After backlash, PayPal reverses its policy to fine people for indulging in alleged misinformation

After backlash, PayPal reverses its policy to fine people for indulging in alleged misinformation

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PayPal Holdings Inc. today said it is not going to fine people $2,500 for promoting misinformation, just days after it said it would.

Last Friday, it was reported that the company would hit people with a fine if they were found to have  promoted some kind of “misinformation” that may “present a risk to user safety or wellbeing.” The company said this was part of expanding its “prohibited activities” policy. PayPal told its customers that the cash would be “debited directly from your PayPal account.”

Users of the platform quite reasonably are expected to not give way to “the promotion of hate, violence, racial or other forms of intolerance that is discriminatory,” but it’s the misinformation fine that rankled some people, including David Marcus, who was the president of PayPal from 2012 to 2014.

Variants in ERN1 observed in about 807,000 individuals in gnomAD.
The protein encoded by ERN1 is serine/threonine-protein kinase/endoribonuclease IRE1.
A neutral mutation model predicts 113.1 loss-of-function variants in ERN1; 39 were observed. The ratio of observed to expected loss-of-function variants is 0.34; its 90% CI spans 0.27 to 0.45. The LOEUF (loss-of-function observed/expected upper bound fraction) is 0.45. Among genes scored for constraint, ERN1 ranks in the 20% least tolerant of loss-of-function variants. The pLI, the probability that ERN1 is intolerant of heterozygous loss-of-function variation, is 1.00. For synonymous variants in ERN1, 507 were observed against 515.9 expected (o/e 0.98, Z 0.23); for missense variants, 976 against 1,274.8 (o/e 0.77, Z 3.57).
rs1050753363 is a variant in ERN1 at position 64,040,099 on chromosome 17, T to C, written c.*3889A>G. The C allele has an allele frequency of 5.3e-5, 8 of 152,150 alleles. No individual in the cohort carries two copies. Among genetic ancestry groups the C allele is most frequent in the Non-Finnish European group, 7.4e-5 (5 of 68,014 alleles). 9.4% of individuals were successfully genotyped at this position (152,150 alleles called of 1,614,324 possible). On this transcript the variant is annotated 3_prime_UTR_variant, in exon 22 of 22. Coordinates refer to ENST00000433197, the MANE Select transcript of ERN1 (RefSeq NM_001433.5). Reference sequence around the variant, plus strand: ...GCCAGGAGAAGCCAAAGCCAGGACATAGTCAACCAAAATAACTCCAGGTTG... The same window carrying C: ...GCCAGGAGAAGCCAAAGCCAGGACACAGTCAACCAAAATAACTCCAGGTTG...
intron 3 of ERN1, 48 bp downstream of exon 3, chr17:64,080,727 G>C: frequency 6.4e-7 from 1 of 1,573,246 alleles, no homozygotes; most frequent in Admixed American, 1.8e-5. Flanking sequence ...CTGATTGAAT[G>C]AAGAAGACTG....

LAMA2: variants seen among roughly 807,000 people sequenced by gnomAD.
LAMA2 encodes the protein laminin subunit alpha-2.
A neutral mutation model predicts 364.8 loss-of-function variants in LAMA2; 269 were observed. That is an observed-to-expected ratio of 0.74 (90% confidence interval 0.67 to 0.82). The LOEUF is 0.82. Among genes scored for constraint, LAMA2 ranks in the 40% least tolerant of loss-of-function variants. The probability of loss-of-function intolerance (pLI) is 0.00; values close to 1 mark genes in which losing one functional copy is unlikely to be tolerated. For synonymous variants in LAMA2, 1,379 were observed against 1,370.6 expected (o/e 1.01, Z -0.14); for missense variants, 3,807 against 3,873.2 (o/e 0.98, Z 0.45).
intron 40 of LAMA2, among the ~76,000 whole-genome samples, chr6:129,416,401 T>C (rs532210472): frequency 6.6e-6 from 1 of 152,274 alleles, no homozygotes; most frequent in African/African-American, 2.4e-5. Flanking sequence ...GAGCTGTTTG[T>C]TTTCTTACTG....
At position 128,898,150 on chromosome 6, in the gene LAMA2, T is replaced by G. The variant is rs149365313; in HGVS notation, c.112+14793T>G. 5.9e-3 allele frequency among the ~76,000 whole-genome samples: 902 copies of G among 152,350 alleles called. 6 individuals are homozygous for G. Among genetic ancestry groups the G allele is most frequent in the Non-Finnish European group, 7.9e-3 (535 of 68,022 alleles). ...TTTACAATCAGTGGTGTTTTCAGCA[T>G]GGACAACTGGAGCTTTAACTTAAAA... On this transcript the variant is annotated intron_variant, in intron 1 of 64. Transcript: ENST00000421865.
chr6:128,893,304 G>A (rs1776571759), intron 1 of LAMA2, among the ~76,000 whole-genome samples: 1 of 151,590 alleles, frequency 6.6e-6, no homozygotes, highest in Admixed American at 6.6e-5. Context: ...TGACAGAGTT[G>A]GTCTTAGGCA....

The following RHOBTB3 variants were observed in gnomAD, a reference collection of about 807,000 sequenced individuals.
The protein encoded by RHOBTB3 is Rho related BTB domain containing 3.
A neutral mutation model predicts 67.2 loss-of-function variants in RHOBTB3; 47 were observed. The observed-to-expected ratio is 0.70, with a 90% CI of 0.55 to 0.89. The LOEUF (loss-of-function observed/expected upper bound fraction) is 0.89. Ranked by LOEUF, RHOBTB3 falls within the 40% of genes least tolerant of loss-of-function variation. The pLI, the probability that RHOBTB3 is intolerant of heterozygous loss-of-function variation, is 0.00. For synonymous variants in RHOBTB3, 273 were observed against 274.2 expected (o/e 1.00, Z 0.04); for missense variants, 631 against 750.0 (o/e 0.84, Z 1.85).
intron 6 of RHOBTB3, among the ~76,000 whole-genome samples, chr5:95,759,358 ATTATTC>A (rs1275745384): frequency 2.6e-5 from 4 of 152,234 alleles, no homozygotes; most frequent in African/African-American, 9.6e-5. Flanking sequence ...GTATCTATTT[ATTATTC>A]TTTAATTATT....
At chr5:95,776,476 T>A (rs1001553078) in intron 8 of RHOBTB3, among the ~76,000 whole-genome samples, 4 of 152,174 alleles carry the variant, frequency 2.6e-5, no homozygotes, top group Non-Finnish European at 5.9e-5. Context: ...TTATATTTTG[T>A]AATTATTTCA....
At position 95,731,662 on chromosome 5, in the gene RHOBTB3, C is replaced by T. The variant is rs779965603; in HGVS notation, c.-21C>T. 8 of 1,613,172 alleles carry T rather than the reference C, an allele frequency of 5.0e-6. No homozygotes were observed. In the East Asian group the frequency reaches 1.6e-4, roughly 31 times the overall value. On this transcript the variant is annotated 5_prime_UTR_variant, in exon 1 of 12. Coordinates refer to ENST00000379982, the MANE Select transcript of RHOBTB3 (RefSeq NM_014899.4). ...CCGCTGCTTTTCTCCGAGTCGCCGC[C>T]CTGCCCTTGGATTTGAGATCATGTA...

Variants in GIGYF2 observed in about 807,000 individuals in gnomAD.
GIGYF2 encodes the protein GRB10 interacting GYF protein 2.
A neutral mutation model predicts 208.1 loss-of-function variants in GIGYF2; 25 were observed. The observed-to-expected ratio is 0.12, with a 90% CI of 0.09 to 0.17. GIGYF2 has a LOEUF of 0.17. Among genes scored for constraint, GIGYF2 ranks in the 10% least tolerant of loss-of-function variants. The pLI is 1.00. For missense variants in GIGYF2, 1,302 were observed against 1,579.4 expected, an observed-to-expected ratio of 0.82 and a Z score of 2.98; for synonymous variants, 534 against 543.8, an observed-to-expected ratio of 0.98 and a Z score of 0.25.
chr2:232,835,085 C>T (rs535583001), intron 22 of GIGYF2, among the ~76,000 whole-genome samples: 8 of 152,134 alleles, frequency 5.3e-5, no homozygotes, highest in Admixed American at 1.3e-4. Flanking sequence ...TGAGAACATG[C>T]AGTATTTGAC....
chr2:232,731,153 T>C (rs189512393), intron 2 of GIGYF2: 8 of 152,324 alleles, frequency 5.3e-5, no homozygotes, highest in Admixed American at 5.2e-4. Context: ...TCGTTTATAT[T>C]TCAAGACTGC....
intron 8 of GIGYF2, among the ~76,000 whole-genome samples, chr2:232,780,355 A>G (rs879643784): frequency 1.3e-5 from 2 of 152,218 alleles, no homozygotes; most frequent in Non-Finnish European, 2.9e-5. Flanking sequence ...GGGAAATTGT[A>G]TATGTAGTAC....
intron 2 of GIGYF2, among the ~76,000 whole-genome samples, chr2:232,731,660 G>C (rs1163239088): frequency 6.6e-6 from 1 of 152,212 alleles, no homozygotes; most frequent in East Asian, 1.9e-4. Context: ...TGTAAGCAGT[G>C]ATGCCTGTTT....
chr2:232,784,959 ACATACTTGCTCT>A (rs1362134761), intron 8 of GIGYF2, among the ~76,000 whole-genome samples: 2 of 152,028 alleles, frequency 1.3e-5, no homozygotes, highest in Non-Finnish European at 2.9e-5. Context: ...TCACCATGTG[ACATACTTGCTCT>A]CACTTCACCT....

“It’s hard for me to openly criticize a company I used to love and gave so much to,” Marcus tweeted. “But @PayPal’s new AUP goes against everything I believe in. A private company now gets to decide to take your money if you say something they disagree with. Insanity.” PayPal co-founder Elon Musk replied, “Agreed.”

PayPal’s share price immediately took a hit, while many parts of the public were asking if this could turn out to be a form of censorship in regard to PayPal laying down the law over matters when it is not always clear what the truth is. Would people not even join the debate, fearing the fine levied by PayPal? One U.S. politician decried the move, saying it was in line with Orwellian “thought police.”

It didn’t matter because, in what can only be described as an ironic twist, PayPal said the news about the fine itself had been misinformation. It was real enough at the time, but it seems, ahem, after the backlash, PayPal said it hadn’t meant to say that was now part of its policy.

“An AUP notice for the U.S. recently went out in error that included incorrect information,” said the company. “PayPal is not fining people for misinformation, and this language was never intended to be inserted in our policy. We’re sorry for the confusion this has caused.”

Photo: Jim Wilson/Unsplash

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